I am new to kernel development and I am trying to understand about new kernel patch sched: automated per tty task groups .
Can some one explain in brief what exactly it is doing?
My impression of the patch (light on detail though most of the articles about it are) was that it can more evenly balance the CPU proportions in an automatic way.
The Linux CFS Completely Fair Scheduler has had a group-balancing behaviour for a while. What this means is that if user A starts 500 tasks and user B starts only one, the fairness should balance between the users, not the tasks.
To that end, all of the user A jobs should be in one group and all of user B's jobs in another, and the CPU will be shared equally among them - user A doesn't get more capacity just because they're anti-socially running more tasks.
However, the fairness was either based on user ID (dynamic) or control groups (a relatively painful, static setup method).
What this patch appears to do is to automatically allocate jobs to a group based on their TTY. In that way, the separation into group becomes an automatic feature (no setting up control groups), and one that happens on a finer grain than user ID (since typical desktops only have one user doing most of the jobs, at least the non-auto-admin ones).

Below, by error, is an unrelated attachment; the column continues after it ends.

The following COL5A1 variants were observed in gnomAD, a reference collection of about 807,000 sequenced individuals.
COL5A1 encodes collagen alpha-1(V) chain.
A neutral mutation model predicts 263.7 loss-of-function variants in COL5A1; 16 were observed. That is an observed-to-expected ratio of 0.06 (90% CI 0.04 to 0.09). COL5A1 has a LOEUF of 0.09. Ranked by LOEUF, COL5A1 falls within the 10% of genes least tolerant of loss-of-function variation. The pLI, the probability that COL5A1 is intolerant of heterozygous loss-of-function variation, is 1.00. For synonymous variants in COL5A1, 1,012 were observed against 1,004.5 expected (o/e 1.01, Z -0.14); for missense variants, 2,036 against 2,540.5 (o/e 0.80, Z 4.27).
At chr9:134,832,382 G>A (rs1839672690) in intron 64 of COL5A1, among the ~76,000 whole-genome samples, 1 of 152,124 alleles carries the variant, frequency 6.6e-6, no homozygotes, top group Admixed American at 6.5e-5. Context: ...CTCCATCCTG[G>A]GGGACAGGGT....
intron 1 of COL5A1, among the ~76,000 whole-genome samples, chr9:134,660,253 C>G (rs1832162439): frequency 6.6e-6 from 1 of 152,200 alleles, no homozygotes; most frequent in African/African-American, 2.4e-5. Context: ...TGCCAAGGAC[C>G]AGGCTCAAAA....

So, when Linus sits down to compile the next kernel for us, the massively parallel build process has all its tasks put in one group and Linus can then fire up VLC to watch the latest episode of The Big Bang Theory (I have no idea whether he watches this show, nor whether he has various pieces of software on his box, for all I know, he may run Windows Media Player under Windows 7) in a totally separate group.
The CPU will then be shared relatively equally between the two groups, and Linus won't have to watch Sheldon jerkily move across the screen.
It'll slow down the kernel build of course, but it's not as if that's an important task he's performing for us. We can wait a little if it means his sanity levels are maintained :-)
From what I've read (and seen), this greatly improves the responsiveness of desktop applications. It doesn't give you more overall capacity but it does improve things a lot in certain scenarios.
Of course, if your usage profile is one task per TTY (or all tasks in a single TTY), it probably won't help that much. But, if it improves some scenarios and doesn't degrade too many others, it'll be a winner. And, even if it does degrade others, it's configurable behaviour, so it'll probably still sneak in to the kernel.
Interestingly enough, now that this patch candidate has gone "mainstream media", there are people coming out of the woodwork stating you can do the same thing with modifications to your
Linus has already rejected this user-land solution since he wants it to be shell-agnostic and this is not something users should have to do:
I have to agree with that sentiment - if you were just allowed to tell the user they had to do something special for extra performance, you could just get them to use